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Land 2016, 5(3), 29; doi:10.3390/land5030029

How Are Feedbacks Represented in Land Models?

1
Wageningen University & Research, Laboratory of Geo-Information Science and Remote Sensing, Droevendaalsesteeg 3, Wageningen 6708 PB, The Netherlands
2
Wageningen University & Research, Land Use Planning Group, Droevendaalsesteeg 3, Wageningen 6708 PB, The Netherlands
*
Author to whom correspondence should be addressed.
Academic Editor: Richard Aspinall
Received: 28 March 2016 / Revised: 30 August 2016 / Accepted: 5 September 2016 / Published: 11 September 2016
(This article belongs to the Special Issue Land System Science)
View Full-Text   |   Download PDF [1213 KB, uploaded 13 September 2016]   |  

Abstract

Land systems are characterised by many feedbacks that can result in complex system behaviour. We defined feedbacks as the two-way influences between the land use system and a related system (e.g., climate, soils and markets), both of which are encompassed by the land system. Land models that include feedbacks thus probably more accurately mimic how land systems respond to, e.g., policy or climate change. However, representing feedbacks in land models is a challenge. We reviewed articles incorporating feedbacks into land models and analysed each with predefined indicators. We found that (1) most modelled feedbacks couple land use systems with transport, soil and market systems, while only a few include feedbacks between land use and social systems or climate systems; (2) equation-based land use models that follow a top-down approach prevail; and (3) feedbacks’ effects on system behaviour remain relatively unexplored. We recommend that land system modellers (1) consider feedbacks between land use systems and social systems; (2) adopt (bottom-up) approaches suited to incorporating spatial heterogeneity and better representing land use decision-making; and (3) pay more attention to nonlinear system behaviour and its implications for land system management and policy. View Full-Text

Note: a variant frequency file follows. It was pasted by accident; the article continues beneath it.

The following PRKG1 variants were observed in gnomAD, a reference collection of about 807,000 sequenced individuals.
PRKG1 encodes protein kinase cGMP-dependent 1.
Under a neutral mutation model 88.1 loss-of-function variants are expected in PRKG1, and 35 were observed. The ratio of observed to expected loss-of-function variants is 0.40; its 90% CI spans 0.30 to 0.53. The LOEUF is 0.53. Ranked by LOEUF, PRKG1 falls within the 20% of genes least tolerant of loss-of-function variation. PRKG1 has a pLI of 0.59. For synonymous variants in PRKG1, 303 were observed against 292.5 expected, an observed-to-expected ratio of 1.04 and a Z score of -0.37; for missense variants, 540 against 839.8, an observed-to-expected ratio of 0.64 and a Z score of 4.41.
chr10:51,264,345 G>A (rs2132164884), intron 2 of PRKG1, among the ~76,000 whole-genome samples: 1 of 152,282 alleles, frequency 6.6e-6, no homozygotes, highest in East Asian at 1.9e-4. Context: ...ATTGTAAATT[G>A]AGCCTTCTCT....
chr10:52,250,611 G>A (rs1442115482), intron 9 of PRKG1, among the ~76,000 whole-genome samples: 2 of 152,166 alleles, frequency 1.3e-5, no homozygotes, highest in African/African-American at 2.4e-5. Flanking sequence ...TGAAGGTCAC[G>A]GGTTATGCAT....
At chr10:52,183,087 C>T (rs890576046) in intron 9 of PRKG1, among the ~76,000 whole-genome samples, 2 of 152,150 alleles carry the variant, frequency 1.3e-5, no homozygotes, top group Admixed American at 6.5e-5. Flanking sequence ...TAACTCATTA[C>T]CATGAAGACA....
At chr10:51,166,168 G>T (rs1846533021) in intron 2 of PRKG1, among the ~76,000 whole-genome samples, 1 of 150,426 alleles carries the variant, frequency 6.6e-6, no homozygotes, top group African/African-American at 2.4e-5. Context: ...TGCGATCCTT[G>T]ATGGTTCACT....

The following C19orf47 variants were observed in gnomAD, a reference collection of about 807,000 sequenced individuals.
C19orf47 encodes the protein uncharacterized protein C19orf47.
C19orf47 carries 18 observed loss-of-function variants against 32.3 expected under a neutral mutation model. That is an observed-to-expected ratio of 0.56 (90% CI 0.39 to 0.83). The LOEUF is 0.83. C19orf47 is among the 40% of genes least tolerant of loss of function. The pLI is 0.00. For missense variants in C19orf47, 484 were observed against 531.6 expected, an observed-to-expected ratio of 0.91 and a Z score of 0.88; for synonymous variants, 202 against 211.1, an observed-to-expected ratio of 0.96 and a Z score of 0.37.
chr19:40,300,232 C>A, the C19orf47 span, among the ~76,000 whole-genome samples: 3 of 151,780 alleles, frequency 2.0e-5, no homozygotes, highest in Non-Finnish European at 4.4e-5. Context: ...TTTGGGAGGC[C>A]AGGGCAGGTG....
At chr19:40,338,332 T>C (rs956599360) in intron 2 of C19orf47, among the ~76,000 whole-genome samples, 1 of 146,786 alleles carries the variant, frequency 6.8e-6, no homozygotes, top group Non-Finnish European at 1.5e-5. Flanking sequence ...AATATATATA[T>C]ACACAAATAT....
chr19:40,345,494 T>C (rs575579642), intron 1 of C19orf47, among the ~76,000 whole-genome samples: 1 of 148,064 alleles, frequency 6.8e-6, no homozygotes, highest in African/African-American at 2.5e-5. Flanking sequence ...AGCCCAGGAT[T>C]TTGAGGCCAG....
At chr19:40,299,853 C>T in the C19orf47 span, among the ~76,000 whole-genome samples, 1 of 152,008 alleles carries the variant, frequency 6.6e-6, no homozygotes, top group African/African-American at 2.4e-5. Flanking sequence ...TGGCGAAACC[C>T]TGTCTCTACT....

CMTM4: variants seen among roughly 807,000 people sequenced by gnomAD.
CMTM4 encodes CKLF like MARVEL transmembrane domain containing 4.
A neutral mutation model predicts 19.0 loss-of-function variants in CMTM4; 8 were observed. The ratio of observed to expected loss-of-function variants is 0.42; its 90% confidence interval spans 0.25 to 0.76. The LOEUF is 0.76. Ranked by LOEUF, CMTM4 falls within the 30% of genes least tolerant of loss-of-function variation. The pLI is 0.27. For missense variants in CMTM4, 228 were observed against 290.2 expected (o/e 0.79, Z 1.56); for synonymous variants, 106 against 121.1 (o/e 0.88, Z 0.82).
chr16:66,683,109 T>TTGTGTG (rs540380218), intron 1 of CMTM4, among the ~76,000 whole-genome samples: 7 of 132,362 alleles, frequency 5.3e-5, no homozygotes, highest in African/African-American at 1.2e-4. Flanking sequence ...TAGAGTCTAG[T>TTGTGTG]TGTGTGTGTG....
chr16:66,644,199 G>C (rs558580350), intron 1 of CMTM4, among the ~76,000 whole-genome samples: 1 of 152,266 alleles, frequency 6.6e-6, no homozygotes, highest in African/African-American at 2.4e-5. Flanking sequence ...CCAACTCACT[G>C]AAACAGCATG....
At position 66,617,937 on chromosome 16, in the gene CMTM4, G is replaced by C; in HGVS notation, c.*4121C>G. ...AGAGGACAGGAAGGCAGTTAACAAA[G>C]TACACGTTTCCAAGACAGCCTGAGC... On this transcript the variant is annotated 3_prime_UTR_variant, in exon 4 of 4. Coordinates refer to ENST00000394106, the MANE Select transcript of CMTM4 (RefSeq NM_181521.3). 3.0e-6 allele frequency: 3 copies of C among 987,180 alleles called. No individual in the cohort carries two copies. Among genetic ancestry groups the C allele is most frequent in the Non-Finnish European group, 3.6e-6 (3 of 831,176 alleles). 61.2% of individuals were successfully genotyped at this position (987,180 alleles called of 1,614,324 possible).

Keywords: land system management and policy; resilience; adaptation; regime shifts; tipping points; nonlinear behaviours land system management and policy; resilience; adaptation; regime shifts; tipping points; nonlinear behaviours
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This is an open access article distributed under the Creative Commons Attribution License which permits unrestricted use, distribution, and reproduction in any medium, provided the original work is properly cited. (CC BY 4.0).

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Chen, Y.; Bakker, M.M.; Ligtenberg, A.; Bregt, A.K. How Are Feedbacks Represented in Land Models? Land 2016, 5, 29.

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